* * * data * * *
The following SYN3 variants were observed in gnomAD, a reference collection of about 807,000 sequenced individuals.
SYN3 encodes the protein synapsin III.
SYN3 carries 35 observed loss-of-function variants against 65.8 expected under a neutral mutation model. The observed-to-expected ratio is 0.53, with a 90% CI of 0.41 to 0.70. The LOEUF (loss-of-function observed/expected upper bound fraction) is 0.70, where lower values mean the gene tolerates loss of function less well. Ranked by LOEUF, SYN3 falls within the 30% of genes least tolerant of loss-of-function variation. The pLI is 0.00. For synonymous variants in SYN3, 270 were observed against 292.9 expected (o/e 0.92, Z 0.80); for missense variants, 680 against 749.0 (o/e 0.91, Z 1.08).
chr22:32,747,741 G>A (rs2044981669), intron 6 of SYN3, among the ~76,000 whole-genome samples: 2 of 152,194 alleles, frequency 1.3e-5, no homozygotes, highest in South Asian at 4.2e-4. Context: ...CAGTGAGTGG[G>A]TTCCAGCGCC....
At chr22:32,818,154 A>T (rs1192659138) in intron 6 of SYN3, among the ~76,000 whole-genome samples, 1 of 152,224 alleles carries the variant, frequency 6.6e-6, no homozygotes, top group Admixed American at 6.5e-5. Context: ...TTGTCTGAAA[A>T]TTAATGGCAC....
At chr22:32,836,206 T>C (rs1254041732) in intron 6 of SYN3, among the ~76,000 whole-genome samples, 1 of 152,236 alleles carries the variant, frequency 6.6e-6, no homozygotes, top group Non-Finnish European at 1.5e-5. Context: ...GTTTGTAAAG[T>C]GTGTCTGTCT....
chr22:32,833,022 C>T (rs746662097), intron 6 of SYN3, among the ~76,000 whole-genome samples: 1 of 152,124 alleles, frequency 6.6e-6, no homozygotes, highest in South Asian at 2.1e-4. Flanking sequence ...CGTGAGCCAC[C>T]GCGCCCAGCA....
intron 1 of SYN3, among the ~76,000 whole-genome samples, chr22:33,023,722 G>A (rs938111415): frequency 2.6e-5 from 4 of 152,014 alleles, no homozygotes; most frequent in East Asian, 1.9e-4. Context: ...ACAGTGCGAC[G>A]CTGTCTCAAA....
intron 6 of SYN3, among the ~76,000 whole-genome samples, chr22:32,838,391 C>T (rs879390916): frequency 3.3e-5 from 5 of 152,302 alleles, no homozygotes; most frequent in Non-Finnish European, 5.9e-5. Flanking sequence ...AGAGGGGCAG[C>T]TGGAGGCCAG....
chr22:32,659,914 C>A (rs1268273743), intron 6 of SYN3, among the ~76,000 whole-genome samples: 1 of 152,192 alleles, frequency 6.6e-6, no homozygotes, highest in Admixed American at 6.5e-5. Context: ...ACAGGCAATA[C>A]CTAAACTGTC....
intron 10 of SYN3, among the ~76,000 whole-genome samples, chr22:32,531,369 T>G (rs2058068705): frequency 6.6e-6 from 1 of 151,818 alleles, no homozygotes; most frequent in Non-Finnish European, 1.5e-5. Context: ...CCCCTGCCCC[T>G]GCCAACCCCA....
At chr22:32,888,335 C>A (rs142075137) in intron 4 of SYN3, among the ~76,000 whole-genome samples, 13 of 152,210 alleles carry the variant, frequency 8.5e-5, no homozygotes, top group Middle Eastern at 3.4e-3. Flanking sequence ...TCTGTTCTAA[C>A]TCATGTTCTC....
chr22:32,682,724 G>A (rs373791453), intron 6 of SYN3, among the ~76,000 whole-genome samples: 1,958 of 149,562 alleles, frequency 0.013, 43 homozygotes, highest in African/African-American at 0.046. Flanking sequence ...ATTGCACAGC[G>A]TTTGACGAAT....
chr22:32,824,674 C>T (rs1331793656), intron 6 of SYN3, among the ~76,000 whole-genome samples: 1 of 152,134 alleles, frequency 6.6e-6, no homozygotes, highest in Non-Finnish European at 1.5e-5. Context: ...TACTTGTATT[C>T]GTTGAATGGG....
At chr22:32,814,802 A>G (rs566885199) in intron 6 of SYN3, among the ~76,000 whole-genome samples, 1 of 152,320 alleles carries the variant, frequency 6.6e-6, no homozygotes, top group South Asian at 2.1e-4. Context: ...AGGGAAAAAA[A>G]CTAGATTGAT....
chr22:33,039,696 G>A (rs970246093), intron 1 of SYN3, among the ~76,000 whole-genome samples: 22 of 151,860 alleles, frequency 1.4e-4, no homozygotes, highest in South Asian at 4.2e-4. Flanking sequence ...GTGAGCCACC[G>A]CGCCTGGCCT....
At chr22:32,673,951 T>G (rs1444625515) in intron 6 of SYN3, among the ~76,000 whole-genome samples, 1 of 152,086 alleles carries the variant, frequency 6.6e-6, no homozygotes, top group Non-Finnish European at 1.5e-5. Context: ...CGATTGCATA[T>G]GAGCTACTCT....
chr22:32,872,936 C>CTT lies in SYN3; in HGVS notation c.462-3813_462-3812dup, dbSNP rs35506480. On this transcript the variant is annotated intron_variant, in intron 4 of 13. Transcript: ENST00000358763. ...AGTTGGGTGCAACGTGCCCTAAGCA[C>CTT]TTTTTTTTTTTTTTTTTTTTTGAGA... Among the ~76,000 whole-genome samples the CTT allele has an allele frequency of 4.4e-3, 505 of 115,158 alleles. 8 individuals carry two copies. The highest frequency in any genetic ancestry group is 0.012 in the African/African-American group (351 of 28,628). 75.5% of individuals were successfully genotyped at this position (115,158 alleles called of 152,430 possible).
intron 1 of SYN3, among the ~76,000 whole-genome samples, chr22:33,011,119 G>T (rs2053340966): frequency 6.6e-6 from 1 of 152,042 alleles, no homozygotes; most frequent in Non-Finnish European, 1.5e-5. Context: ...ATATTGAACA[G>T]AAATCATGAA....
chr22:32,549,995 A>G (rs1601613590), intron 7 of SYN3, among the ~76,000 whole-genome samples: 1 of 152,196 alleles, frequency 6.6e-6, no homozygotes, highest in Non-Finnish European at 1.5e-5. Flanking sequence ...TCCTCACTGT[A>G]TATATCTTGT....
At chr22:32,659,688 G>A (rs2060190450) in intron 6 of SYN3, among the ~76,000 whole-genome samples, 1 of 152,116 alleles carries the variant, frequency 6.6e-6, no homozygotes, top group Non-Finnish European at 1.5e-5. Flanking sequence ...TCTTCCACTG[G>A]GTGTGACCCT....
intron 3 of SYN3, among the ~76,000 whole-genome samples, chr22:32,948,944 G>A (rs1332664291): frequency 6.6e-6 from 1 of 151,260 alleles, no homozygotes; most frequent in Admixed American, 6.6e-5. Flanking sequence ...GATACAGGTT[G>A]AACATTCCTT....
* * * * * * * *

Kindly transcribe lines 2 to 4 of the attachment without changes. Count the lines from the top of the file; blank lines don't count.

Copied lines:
SYN3 encodes the protein synapsin III.
SYN3 carries 35 observed loss-of-function variants against 65.8 expected under a neutral mutation model. The observed-to-expected ratio is 0.53, with a 90% CI of 0.41 to 0.70. The LOEUF (loss-of-function observed/expected upper bound fraction) is 0.70, where lower values mean the gene tolerates loss of function less well. Ranked by LOEUF, SYN3 falls within the 30% of genes least tolerant of loss-of-function variation. The pLI is 0.00. For synonymous variants in SYN3, 270 were observed against 292.9 expected (o/e 0.92, Z 0.80); for missense variants, 680 against 749.0 (o/e 0.91, Z 1.08).
chr22:32,747,741 G>A (rs2044981669), intron 6 of SYN3, among the ~76,000 whole-genome samples: 2 of 152,194 alleles, frequency 1.3e-5, no homozygotes, highest in South Asian at 4.2e-4. Context: ...CAGTGAGTGG[G>A]TTCCAGCGCC....